1911 Encyclopædia Britannica/Autonomy
|←Automorphism||1911 Encyclopædia Britannica, Volume 3
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AUTONOMY (Gr. αὐτός, self, and νόμος, law), in general, freedom from external restraint, self-government. The term is usually coupled with a qualifying adjective. Thus, political autonomy is self-government in its widest sense, independence of all control from without. Local autonomy is a freedom of self-government within a sphere marked out by some superior authority; e.g. municipal corporations in England have their administrative powers marked out for them by acts of parliament, and in so far as they govern themselves within these limits exercise local autonomy. Administrative or constitutional autonomy, such as exists in the British colonies, implies an extent of self-government which falls short only of complete independence. The term is used loosely even in the case of e.g. religious bodies, individual churches and other communities which enjoy a measure of self-government in certain specified respects.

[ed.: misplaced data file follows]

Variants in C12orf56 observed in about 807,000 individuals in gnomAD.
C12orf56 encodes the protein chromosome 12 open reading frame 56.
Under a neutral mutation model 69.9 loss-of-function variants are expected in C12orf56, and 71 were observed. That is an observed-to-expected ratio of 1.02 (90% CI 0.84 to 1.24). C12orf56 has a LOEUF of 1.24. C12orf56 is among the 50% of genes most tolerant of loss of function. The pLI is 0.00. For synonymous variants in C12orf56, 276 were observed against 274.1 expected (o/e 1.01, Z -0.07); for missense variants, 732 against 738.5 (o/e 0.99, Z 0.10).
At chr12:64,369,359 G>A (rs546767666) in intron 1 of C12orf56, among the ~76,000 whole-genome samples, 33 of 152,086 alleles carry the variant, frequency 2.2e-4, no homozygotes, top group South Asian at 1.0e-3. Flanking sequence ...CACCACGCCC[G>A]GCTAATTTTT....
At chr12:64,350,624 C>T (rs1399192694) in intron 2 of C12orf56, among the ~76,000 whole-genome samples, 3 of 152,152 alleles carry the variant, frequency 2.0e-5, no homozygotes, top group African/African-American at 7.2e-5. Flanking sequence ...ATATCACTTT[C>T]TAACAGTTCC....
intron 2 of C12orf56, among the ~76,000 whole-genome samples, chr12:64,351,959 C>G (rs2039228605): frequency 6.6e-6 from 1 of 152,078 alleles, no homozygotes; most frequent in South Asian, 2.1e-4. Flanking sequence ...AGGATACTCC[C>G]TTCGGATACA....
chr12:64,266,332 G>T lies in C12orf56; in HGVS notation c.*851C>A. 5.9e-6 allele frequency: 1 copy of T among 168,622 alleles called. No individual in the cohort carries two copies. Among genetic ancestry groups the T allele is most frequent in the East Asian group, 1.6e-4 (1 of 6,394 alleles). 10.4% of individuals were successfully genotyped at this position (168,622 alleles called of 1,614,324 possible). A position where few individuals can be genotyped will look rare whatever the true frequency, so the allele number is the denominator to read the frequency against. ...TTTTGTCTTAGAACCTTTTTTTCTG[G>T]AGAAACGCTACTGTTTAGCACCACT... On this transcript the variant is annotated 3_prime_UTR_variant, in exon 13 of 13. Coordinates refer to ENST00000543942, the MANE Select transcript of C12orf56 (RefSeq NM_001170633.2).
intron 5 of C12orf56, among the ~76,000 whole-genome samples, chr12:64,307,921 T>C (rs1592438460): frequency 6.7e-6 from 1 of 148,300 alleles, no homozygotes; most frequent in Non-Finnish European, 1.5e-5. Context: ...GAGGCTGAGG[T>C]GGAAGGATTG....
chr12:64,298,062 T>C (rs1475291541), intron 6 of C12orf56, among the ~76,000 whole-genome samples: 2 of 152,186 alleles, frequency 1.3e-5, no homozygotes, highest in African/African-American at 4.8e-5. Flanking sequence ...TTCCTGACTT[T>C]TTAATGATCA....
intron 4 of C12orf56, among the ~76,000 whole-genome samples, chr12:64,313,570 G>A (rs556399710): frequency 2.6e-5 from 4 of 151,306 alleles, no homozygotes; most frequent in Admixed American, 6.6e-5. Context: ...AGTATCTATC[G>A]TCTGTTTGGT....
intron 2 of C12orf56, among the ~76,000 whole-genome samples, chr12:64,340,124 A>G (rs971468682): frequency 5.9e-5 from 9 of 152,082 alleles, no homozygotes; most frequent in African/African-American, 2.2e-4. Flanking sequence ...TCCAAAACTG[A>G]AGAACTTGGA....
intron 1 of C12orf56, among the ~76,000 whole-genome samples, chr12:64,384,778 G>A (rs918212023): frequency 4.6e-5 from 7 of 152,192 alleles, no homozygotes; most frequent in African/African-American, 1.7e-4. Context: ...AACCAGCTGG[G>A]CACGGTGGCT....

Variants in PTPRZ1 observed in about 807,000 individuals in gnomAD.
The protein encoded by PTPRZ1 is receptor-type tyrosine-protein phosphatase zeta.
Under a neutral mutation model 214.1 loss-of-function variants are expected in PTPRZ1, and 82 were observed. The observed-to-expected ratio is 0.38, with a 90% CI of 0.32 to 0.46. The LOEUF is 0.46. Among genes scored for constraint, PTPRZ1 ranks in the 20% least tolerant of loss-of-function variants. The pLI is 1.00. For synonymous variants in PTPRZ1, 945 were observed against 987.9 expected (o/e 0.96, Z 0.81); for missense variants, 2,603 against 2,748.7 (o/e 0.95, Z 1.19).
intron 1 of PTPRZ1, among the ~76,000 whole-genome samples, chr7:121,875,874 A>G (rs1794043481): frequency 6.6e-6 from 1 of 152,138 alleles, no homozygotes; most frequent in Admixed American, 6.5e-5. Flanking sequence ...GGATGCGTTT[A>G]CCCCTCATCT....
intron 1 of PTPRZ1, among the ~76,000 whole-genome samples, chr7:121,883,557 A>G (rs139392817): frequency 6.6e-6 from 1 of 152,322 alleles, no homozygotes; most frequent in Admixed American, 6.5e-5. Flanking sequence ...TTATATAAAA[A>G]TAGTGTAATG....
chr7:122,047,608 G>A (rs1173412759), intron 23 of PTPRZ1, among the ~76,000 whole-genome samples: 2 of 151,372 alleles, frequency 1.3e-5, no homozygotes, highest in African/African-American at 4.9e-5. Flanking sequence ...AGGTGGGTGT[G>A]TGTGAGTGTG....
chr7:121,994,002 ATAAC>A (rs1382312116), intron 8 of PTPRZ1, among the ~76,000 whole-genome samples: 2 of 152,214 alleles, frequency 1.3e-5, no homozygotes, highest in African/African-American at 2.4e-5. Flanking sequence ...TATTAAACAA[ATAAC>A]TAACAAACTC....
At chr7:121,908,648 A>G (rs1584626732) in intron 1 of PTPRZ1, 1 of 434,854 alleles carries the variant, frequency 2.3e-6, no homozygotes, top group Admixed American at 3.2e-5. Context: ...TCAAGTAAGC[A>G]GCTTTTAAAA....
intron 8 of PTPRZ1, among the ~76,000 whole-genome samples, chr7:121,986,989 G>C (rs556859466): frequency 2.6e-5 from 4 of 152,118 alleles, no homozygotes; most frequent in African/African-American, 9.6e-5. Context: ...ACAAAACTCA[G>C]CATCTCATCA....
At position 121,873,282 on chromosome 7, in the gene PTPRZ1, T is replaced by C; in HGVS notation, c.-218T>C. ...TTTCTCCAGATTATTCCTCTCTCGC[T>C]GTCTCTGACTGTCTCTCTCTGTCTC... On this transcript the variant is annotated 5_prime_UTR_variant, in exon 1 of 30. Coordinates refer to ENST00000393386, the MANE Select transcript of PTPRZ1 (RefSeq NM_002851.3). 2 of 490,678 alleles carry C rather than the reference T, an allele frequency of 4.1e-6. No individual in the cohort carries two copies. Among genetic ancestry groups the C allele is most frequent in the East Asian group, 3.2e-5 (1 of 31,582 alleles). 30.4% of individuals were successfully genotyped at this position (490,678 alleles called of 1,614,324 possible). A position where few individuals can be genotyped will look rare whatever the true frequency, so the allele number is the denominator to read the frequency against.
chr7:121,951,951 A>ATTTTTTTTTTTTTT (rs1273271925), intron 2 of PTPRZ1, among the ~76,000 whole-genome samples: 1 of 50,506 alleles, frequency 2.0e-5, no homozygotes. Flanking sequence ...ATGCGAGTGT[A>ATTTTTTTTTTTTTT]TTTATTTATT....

In philosophy, the term (with its antithesis “heteronomy”) was applied by Kant to that aspect of the rational will in which, qua rational, it is a law to itself, independently alike of any external authority, of the results of experience and of the impulses of pleasure and pain. In the sphere of morals, the ultimate and only authority which the mind can recognize is the law which emerges from the pure moral consciousness. This is the only sense in which moral freedom can be understood. (See Ethics; Kant.) Though the term “autonomy” in its fullest sense implies entire freedom from causal necessity, it can also be used even in determinist theories for relative independence of particular conditions, theological or conventional.